A2IM Announces Historic Agreement With Commercial Radio To Insitute 'Rules Of Engagement' & An 'Indie Music Content Commitment'
The American Association of Independent Music (A2IM) has reached an historic understanding in principle with CBS, Citadel, Clear Channel and Entercom. This voluntary arrangement between the radio groups and A2IM establishes not only a set of Radio Rules of Engagement between the independent record labels and commercial radio, but also, for the first time in the United States, these radio groups have agreed to an Independent Music Content Commitment that equates to 8,400 half-hour blocks of airtime dedicated to Independent music.
This is a first-of-its-kind effort from corporate radio groups to acknowledge the strength and importance of the independent music sector's 30% marketshare. This is the result of a series of meetings and exchanges with first the FCC, and later the radio groups, initiated in June 2006 by A2IM, the trade organization that represents the interests of the independent music sector in the U.S. (Radio Rules of Engagement follow below).
Details on the roll-out of the independent music campaign will be forthcoming as each radio group identifies the way in which to best serve their respective markets. This monumental effort received active support and endorsement from the Future of Music Coalition (FMC), American Federation of Television and Radio Artists (AFTRA), American Federation of Independent Music (AFIM), Recording Artists Coalition (RAC), the Music Managers' Forum (MMF) and the National Academy of Recording Arts & Sciences (NARAS) in an example of the music community rallying its voice to benefit all its members.
"We have taken a free-market approach to fixing an imbalance in the marketplace - a self-correction without government interference," says Peter Gordon, A2IM board member and lead negotiator in this matter. "The independent sector is vibrant and the radio group has exhibited a forward thinking approach by supporting new ideas in a climate of uncertainty. We have emerged from a truly remarkable negotiation where both sides have been motivated to do the right things for the right reasons to benefit the listeners. This radio group is embracing a creative solution to a difficult problem to the benefit of all and they should be commended."
In June of 2006, following the first of the "payola" settlements reached by then-Attorney General of New York, Eliot Spitzer, and the major record labels, A2IM urged FCC Commissioners to consider the implementation of acknowledged and transparent practices to define the parameters of the relationships between record labels and radio. FCC Commissioner Jonathan Adelstein met with A2IM, then paired them with the radio group to explore ways to work together.
The radio consortium and A2IM reached agreement on a set of "Radio Rules of Engagement," the main tenants of which focus on equal access and transparency. As talks progressed, the concept of "indie-dedicated programming" emerged as the first step towards addressing the relative absence of independent music currently on the airwaves in proportion to the independent marketshare. Lead by CBS and endorsed by all the radio groups, this seven million dollar content commitment is a good-faith demonstration of radio's commitment to this music.
RADIO RULES OF ENGAGEMENT
1. Radio should establish, and appropriately publicize, clear and non-discriminatory procedures for music submissions and access to radio station music programmers (to the extent any such access is provided).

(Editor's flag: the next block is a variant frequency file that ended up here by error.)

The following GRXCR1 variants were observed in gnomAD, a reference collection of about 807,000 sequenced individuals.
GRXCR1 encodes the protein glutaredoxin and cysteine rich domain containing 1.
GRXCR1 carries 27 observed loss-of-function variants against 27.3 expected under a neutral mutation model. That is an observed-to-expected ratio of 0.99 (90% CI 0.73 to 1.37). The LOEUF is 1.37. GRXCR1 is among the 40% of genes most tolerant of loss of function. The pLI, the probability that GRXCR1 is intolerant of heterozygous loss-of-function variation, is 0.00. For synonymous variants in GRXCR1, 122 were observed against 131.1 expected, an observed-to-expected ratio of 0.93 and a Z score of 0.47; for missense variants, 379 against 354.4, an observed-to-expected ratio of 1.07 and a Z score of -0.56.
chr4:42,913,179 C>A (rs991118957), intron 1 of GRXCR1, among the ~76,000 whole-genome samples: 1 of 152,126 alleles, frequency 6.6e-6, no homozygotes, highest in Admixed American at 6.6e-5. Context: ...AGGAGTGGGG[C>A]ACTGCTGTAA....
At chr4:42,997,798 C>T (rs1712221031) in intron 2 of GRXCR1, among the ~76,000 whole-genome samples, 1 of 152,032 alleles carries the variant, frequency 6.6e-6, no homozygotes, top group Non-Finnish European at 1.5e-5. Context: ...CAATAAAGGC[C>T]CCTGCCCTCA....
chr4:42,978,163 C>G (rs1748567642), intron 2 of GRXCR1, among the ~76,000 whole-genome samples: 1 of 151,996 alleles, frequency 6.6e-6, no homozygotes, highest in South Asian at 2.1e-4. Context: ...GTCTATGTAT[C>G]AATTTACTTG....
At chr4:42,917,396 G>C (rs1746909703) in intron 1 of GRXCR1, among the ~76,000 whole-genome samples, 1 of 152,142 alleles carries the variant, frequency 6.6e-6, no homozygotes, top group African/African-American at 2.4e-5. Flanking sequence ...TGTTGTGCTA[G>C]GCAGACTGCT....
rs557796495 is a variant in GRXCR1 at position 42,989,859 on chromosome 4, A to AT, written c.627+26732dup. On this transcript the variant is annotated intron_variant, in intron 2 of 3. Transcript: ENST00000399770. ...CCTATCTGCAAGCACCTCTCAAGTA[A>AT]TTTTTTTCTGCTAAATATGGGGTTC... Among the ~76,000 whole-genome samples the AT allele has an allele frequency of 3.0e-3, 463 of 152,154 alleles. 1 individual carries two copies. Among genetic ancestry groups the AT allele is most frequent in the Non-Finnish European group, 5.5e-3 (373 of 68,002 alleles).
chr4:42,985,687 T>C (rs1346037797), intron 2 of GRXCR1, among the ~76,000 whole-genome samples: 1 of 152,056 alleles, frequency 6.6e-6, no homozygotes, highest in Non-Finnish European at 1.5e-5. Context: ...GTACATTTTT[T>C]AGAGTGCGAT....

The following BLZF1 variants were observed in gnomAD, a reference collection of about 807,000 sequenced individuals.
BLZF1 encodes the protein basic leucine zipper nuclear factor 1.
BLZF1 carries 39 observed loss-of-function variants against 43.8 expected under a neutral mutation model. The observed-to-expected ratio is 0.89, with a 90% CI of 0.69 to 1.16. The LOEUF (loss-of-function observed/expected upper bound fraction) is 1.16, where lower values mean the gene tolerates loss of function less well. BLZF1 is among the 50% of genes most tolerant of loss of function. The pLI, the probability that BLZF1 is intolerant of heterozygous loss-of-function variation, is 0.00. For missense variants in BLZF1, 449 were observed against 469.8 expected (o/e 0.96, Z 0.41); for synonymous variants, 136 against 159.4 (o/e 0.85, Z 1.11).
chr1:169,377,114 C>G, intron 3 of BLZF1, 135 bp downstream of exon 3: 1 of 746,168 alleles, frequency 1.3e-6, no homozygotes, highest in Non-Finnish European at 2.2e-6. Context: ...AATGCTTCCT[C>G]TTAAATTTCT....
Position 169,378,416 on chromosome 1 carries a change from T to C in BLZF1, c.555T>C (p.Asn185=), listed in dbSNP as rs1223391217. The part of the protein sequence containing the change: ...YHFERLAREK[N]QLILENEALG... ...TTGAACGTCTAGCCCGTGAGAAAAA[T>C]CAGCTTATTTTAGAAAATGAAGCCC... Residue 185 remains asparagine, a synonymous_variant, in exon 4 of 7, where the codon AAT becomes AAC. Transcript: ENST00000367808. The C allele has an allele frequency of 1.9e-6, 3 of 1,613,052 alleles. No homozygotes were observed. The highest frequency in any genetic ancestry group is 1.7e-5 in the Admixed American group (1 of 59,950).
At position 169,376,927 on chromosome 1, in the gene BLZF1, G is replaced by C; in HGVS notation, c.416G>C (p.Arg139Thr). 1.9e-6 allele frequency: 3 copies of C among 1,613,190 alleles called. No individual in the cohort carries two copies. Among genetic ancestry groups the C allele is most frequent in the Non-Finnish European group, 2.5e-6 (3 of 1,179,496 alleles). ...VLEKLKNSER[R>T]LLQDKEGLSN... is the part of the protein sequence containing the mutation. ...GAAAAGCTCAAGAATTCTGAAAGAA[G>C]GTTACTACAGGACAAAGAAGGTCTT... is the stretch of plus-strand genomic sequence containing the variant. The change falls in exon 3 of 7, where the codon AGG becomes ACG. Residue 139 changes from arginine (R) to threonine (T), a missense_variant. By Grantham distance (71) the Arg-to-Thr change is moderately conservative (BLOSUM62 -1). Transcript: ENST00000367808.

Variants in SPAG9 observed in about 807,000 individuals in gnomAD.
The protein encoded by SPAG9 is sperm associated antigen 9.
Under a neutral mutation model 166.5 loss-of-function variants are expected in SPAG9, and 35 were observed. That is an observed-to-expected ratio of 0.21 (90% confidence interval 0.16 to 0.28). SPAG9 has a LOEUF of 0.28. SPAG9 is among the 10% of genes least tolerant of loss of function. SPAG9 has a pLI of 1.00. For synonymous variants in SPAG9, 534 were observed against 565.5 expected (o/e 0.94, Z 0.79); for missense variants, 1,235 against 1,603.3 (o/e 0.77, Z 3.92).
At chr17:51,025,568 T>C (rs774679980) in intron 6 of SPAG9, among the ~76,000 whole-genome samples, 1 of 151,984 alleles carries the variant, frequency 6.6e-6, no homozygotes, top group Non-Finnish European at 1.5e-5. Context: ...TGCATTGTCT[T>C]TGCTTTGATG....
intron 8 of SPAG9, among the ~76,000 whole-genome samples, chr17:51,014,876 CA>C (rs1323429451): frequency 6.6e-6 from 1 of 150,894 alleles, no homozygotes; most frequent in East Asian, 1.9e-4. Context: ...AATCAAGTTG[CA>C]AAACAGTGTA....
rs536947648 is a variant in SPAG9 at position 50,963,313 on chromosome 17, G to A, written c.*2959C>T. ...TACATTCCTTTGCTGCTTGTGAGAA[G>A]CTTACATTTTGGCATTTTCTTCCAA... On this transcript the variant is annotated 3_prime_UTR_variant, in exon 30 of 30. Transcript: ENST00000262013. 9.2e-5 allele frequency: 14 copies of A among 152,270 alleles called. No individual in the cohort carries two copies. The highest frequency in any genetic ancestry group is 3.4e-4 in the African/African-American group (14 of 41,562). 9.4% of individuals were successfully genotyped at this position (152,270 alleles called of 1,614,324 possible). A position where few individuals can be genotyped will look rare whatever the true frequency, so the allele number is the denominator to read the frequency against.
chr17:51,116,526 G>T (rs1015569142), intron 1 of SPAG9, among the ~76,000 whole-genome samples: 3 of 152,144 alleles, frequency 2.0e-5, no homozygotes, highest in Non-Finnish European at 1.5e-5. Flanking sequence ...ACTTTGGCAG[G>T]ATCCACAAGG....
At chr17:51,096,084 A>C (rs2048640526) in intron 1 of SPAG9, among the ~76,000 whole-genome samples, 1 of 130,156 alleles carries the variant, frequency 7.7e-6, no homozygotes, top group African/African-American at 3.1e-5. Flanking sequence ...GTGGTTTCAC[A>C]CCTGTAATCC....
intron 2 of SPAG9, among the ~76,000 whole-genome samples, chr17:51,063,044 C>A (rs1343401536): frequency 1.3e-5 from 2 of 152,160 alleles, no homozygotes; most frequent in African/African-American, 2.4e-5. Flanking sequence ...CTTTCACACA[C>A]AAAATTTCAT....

2. Radio should not be allowed to sell or barter access to its music programmers.
3. Radio should not form relationships with any music companies, independent promotion companies, or other parties which provide for exclusive access to radio station music programmers, nor should Radio restrict access to its music programmers to those who contribute promotional consideration.
4. Radio should not exclude independent promotion companies, as a class, from gaining access to music programmers except for independent promotion companies which are compensated based upon playlist additions or increased spins.
5. Radio shall not ask for or expect, either directly or indirectly, any quid pro quo to play music, including but not limited to:
a. Any promotional considerations including cash and prizes
b. Local concert appearances
c. Exclusive relationships with recording artists
6. Radio (individual stations or their parent companies) shall not act in a coercive manner, make or imply threats to withhold or reduce airplay or make or imply promises to commence or increase airplay, in connection with the solicitation of any promotional consideration, or any promotional consideration promised or given to competitor stations, including concert appearances and artist "exclusives."
7. Disclosure: All cash and non-cash consideration (above a reasonable threshold) made by labels, artists, or their agents shall be confirmed in writing and shall be subject to internal tracking controls, with the information gathered as a result of these controls available to the FCC upon its request.
8. Contest prize recipients to the extent permitted by applicable law must be identified publicly, and confirmed as not employees of the radio station or members of their immediate families or households.
This proposal was drafted with input from music companies, radio programmers and promotion executives. It has also been endorsed by the following organizations to date:
* American Federation of Musicians (AFofM)
* American Federation of Television and Radio Artists (AFTRA)
* Future of Music Coalition (FMC)
* Music Managers' Forum (MMF)
* National Association of Recording Arts & Sciences (NARAS)
* Recording Artists Coalition (RAC)
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